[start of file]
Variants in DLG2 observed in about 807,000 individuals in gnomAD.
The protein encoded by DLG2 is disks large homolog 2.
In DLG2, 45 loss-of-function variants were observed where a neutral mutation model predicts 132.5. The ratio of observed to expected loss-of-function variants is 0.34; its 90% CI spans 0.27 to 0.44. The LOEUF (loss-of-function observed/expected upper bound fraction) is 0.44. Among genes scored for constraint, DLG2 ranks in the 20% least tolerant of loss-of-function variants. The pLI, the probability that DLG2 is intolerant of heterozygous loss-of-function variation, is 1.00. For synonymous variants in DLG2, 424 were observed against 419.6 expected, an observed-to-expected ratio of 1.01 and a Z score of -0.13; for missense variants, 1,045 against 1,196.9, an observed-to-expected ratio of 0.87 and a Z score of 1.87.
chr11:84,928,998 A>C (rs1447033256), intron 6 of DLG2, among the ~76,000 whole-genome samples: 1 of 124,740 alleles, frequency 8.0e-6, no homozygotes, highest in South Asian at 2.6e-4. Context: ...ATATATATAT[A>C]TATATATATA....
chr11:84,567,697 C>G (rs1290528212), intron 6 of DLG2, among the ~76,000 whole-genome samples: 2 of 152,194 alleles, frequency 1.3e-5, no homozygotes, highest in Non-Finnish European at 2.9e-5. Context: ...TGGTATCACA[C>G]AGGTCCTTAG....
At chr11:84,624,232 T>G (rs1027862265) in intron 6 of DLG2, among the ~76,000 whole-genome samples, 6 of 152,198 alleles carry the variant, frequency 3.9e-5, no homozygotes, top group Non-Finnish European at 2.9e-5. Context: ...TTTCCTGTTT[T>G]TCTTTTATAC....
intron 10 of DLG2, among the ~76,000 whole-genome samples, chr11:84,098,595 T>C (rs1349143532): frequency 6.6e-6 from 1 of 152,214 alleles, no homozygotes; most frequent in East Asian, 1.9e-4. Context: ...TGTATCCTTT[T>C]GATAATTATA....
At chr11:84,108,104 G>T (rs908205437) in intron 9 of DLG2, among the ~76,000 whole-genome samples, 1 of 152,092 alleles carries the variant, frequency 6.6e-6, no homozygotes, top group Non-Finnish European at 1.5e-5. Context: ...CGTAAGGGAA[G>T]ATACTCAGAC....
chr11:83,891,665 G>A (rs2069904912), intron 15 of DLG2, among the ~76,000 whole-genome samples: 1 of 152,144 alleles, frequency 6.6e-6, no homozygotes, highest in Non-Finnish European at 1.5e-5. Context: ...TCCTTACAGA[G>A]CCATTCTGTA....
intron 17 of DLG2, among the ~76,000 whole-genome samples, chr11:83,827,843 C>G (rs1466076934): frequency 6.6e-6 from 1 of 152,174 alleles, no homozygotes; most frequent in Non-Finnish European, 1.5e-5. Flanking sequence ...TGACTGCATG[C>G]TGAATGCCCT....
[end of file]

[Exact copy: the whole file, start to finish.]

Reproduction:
Variants in DLG2 observed in about 807,000 individuals in gnomAD.
The protein encoded by DLG2 is disks large homolog 2.
In DLG2, 45 loss-of-function variants were observed where a neutral mutation model predicts 132.5. The ratio of observed to expected loss-of-function variants is 0.34; its 90% CI spans 0.27 to 0.44. The LOEUF (loss-of-function observed/expected upper bound fraction) is 0.44. Among genes scored for constraint, DLG2 ranks in the 20% least tolerant of loss-of-function variants. The pLI, the probability that DLG2 is intolerant of heterozygous loss-of-function variation, is 1.00. For synonymous variants in DLG2, 424 were observed against 419.6 expected, an observed-to-expected ratio of 1.01 and a Z score of -0.13; for missense variants, 1,045 against 1,196.9, an observed-to-expected ratio of 0.87 and a Z score of 1.87.
chr11:84,928,998 A>C (rs1447033256), intron 6 of DLG2, among the ~76,000 whole-genome samples: 1 of 124,740 alleles, frequency 8.0e-6, no homozygotes, highest in South Asian at 2.6e-4. Context: ...ATATATATAT[A>C]TATATATATA....
chr11:84,567,697 C>G (rs1290528212), intron 6 of DLG2, among the ~76,000 whole-genome samples: 2 of 152,194 alleles, frequency 1.3e-5, no homozygotes, highest in Non-Finnish European at 2.9e-5. Context: ...TGGTATCACA[C>G]AGGTCCTTAG....
At chr11:84,624,232 T>G (rs1027862265) in intron 6 of DLG2, among the ~76,000 whole-genome samples, 6 of 152,198 alleles carry the variant, frequency 3.9e-5, no homozygotes, top group Non-Finnish European at 2.9e-5. Context: ...TTTCCTGTTT[T>G]TCTTTTATAC....
intron 10 of DLG2, among the ~76,000 whole-genome samples, chr11:84,098,595 T>C (rs1349143532): frequency 6.6e-6 from 1 of 152,214 alleles, no homozygotes; most frequent in East Asian, 1.9e-4. Context: ...TGTATCCTTT[T>C]GATAATTATA....
At chr11:84,108,104 G>T (rs908205437) in intron 9 of DLG2, among the ~76,000 whole-genome samples, 1 of 152,092 alleles carries the variant, frequency 6.6e-6, no homozygotes, top group Non-Finnish European at 1.5e-5. Context: ...CGTAAGGGAA[G>T]ATACTCAGAC....
chr11:83,891,665 G>A (rs2069904912), intron 15 of DLG2, among the ~76,000 whole-genome samples: 1 of 152,144 alleles, frequency 6.6e-6, no homozygotes, highest in Non-Finnish European at 1.5e-5. Context: ...TCCTTACAGA[G>A]CCATTCTGTA....
intron 17 of DLG2, among the ~76,000 whole-genome samples, chr11:83,827,843 C>G (rs1466076934): frequency 6.6e-6 from 1 of 152,174 alleles, no homozygotes; most frequent in Non-Finnish European, 1.5e-5. Flanking sequence ...TGACTGCATG[C>G]TGAATGCCCT....